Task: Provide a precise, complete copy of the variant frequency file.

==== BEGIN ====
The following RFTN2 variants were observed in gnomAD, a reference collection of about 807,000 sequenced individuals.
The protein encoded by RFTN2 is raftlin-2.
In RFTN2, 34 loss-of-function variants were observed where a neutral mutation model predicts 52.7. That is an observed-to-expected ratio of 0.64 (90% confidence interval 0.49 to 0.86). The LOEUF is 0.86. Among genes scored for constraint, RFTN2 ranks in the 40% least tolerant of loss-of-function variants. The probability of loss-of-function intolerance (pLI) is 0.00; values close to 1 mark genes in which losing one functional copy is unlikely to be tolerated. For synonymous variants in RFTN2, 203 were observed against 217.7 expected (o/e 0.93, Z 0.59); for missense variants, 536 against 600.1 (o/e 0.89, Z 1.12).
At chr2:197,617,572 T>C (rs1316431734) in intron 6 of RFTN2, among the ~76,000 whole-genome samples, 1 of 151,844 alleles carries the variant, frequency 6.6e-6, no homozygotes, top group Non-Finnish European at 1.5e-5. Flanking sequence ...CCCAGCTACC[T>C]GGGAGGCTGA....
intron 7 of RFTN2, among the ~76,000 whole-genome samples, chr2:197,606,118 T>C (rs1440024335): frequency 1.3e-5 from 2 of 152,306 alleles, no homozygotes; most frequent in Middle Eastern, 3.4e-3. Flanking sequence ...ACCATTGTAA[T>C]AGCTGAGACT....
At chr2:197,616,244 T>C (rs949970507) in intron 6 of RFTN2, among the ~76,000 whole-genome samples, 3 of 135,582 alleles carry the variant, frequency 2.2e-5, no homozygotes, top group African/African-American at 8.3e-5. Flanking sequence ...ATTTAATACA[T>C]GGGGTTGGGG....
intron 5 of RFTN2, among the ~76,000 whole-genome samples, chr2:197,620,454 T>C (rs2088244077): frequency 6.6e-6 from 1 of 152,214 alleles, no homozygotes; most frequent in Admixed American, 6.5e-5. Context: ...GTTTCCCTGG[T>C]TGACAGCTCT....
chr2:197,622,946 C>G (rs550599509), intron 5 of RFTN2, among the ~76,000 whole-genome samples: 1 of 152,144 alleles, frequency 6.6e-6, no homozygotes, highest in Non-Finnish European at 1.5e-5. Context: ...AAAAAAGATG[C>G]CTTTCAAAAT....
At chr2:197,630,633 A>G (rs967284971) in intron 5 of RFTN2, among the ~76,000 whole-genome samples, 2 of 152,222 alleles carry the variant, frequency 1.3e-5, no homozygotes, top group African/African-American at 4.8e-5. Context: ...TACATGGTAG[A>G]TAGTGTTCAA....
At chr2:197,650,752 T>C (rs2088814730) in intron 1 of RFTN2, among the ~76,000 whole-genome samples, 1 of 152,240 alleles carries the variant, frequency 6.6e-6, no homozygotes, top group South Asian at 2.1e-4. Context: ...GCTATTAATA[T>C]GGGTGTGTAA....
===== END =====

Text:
The following RFTN2 variants were observed in gnomAD, a reference collection of about 807,000 sequenced individuals.
The protein encoded by RFTN2 is raftlin-2.
In RFTN2, 34 loss-of-function variants were observed where a neutral mutation model predicts 52.7. That is an observed-to-expected ratio of 0.64 (90% confidence interval 0.49 to 0.86). The LOEUF is 0.86. Among genes scored for constraint, RFTN2 ranks in the 40% least tolerant of loss-of-function variants. The probability of loss-of-function intolerance (pLI) is 0.00; values close to 1 mark genes in which losing one functional copy is unlikely to be tolerated. For synonymous variants in RFTN2, 203 were observed against 217.7 expected (o/e 0.93, Z 0.59); for missense variants, 536 against 600.1 (o/e 0.89, Z 1.12).
At chr2:197,617,572 T>C (rs1316431734) in intron 6 of RFTN2, among the ~76,000 whole-genome samples, 1 of 151,844 alleles carries the variant, frequency 6.6e-6, no homozygotes, top group Non-Finnish European at 1.5e-5. Flanking sequence ...CCCAGCTACC[T>C]GGGAGGCTGA....
intron 7 of RFTN2, among the ~76,000 whole-genome samples, chr2:197,606,118 T>C (rs1440024335): frequency 1.3e-5 from 2 of 152,306 alleles, no homozygotes; most frequent in Middle Eastern, 3.4e-3. Flanking sequence ...ACCATTGTAA[T>C]AGCTGAGACT....
At chr2:197,616,244 T>C (rs949970507) in intron 6 of RFTN2, among the ~76,000 whole-genome samples, 3 of 135,582 alleles carry the variant, frequency 2.2e-5, no homozygotes, top group African/African-American at 8.3e-5. Flanking sequence ...ATTTAATACA[T>C]GGGGTTGGGG....
intron 5 of RFTN2, among the ~76,000 whole-genome samples, chr2:197,620,454 T>C (rs2088244077): frequency 6.6e-6 from 1 of 152,214 alleles, no homozygotes; most frequent in Admixed American, 6.5e-5. Context: ...GTTTCCCTGG[T>C]TGACAGCTCT....
chr2:197,622,946 C>G (rs550599509), intron 5 of RFTN2, among the ~76,000 whole-genome samples: 1 of 152,144 alleles, frequency 6.6e-6, no homozygotes, highest in Non-Finnish European at 1.5e-5. Context: ...AAAAAAGATG[C>G]CTTTCAAAAT....
At chr2:197,630,633 A>G (rs967284971) in intron 5 of RFTN2, among the ~76,000 whole-genome samples, 2 of 152,222 alleles carry the variant, frequency 1.3e-5, no homozygotes, top group African/African-American at 4.8e-5. Context: ...TACATGGTAG[A>G]TAGTGTTCAA....
At chr2:197,650,752 T>C (rs2088814730) in intron 1 of RFTN2, among the ~76,000 whole-genome samples, 1 of 152,240 alleles carries the variant, frequency 6.6e-6, no homozygotes, top group South Asian at 2.1e-4. Context: ...GCTATTAATA[T>C]GGGTGTGTAA....